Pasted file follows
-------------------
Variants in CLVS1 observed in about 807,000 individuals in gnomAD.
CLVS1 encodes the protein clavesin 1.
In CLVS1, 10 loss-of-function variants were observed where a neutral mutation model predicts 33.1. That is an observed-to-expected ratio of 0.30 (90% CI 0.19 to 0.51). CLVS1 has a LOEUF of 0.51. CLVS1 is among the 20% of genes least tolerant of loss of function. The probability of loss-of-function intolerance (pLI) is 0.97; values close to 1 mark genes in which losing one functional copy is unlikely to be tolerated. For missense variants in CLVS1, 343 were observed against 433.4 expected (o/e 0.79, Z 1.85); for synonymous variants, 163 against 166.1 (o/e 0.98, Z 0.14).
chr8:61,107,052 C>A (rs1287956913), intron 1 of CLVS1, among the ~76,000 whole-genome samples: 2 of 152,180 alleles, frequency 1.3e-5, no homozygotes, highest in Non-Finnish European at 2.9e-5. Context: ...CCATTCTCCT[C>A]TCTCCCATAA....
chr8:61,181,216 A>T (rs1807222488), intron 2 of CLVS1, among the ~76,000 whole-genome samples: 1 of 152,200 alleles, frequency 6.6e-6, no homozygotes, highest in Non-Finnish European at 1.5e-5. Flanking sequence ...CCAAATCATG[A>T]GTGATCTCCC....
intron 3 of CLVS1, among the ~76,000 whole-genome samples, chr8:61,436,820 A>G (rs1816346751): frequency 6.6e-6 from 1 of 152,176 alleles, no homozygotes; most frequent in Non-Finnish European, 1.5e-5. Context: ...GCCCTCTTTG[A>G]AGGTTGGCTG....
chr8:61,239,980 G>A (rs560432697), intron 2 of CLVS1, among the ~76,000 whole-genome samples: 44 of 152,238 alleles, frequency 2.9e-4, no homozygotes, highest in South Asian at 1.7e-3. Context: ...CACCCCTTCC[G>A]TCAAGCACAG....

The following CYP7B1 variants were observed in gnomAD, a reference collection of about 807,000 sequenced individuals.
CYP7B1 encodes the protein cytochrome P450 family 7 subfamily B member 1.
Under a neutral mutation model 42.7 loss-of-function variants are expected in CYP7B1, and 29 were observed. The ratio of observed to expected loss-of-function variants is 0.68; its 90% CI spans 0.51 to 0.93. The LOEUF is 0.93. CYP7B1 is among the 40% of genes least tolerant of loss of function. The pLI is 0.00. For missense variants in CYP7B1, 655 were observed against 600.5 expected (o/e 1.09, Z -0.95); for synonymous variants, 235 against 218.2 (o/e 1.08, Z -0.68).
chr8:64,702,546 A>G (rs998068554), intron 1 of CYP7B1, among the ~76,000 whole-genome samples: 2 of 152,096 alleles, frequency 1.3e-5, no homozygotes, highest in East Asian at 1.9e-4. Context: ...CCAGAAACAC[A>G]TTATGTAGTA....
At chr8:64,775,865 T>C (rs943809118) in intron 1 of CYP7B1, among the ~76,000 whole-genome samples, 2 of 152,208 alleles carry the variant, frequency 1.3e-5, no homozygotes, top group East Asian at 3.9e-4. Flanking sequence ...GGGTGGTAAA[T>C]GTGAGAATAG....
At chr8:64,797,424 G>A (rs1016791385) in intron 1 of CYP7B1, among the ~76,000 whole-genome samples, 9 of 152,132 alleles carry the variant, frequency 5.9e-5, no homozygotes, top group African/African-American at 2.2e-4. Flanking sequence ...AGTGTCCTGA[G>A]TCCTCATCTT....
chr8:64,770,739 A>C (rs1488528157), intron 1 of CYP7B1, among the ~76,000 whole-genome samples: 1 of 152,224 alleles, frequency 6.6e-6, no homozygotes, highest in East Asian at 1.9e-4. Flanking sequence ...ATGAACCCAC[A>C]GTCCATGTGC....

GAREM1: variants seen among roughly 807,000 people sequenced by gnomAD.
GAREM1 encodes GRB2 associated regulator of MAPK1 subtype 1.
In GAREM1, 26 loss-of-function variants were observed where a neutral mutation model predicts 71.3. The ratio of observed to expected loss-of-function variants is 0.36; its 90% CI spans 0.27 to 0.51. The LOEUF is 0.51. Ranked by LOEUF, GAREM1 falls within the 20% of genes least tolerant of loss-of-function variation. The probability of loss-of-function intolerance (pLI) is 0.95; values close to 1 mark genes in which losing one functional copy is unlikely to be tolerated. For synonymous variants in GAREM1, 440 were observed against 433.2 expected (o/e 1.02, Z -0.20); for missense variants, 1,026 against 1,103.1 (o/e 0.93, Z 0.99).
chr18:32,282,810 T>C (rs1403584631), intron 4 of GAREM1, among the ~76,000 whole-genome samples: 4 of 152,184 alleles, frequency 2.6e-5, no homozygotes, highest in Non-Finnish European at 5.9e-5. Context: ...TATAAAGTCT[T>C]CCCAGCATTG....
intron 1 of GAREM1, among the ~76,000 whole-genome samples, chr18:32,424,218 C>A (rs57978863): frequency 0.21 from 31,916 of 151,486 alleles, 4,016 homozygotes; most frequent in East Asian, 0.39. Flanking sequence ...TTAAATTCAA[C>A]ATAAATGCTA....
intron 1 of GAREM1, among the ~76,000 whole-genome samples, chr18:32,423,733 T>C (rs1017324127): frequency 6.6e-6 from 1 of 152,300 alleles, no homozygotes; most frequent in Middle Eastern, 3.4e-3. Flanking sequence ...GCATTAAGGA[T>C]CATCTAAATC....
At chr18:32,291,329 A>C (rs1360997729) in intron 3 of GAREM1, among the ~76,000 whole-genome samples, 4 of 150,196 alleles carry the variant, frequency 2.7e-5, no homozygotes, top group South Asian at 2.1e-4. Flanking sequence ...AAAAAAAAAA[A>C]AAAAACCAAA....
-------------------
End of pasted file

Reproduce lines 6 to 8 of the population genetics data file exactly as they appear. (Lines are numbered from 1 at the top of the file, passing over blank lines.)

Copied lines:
intron 3 of CLVS1, among the ~76,000 whole-genome samples, chr8:61,436,820 A>G (rs1816346751): frequency 6.6e-6 from 1 of 152,176 alleles, no homozygotes; most frequent in Non-Finnish European, 1.5e-5. Context: ...GCCCTCTTTG[A>G]AGGTTGGCTG....
chr8:61,239,980 G>A (rs560432697), intron 2 of CLVS1, among the ~76,000 whole-genome samples: 44 of 152,238 alleles, frequency 2.9e-4, no homozygotes, highest in South Asian at 1.7e-3. Context: ...CACCCCTTCC[G>A]TCAAGCACAG....

The following CYP7B1 variants were observed in gnomAD, a reference collection of about 807,000 sequenced individuals.